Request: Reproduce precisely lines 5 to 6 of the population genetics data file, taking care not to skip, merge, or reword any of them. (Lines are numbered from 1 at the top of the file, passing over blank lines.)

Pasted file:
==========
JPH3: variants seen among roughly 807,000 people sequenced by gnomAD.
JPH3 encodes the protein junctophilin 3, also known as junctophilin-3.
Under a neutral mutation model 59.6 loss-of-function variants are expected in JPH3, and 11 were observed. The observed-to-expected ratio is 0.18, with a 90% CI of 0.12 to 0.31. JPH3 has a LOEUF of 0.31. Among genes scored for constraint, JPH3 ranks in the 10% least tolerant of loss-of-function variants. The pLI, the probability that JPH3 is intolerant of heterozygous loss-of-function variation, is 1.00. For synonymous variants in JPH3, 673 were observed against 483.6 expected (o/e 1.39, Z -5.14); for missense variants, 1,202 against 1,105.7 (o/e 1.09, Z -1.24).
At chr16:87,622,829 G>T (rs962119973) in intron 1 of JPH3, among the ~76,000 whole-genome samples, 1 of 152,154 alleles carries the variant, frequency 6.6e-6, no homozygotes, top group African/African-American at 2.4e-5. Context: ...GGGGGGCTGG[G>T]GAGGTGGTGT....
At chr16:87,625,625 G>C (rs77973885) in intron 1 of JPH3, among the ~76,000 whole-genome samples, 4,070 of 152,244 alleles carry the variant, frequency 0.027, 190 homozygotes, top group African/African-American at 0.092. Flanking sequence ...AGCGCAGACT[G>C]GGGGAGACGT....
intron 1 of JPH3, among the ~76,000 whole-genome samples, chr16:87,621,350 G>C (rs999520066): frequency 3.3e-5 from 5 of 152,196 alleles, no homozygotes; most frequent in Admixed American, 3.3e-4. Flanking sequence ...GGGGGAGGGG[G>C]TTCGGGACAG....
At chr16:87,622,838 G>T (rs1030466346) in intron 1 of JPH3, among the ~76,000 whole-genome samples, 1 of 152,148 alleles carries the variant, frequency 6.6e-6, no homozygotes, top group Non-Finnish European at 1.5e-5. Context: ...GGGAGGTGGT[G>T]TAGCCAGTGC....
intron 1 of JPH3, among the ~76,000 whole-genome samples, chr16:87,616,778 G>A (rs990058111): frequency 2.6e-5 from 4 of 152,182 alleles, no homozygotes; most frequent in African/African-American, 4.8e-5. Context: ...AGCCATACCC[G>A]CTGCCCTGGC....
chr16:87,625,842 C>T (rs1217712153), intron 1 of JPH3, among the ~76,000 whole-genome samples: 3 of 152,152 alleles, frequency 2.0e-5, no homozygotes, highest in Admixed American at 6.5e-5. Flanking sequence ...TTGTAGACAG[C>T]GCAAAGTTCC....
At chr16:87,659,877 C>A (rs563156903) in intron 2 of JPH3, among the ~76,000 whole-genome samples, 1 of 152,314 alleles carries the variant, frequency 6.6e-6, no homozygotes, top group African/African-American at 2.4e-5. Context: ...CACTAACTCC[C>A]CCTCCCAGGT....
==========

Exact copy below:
At chr16:87,625,625 G>C (rs77973885) in intron 1 of JPH3, among the ~76,000 whole-genome samples, 4,070 of 152,244 alleles carry the variant, frequency 0.027, 190 homozygotes, top group African/African-American at 0.092. Flanking sequence ...AGCGCAGACT[G>C]GGGGAGACGT....
intron 1 of JPH3, among the ~76,000 whole-genome samples, chr16:87,621,350 G>C (rs999520066): frequency 3.3e-5 from 5 of 152,196 alleles, no homozygotes; most frequent in Admixed American, 3.3e-4. Flanking sequence ...GGGGGAGGGG[G>C]TTCGGGACAG....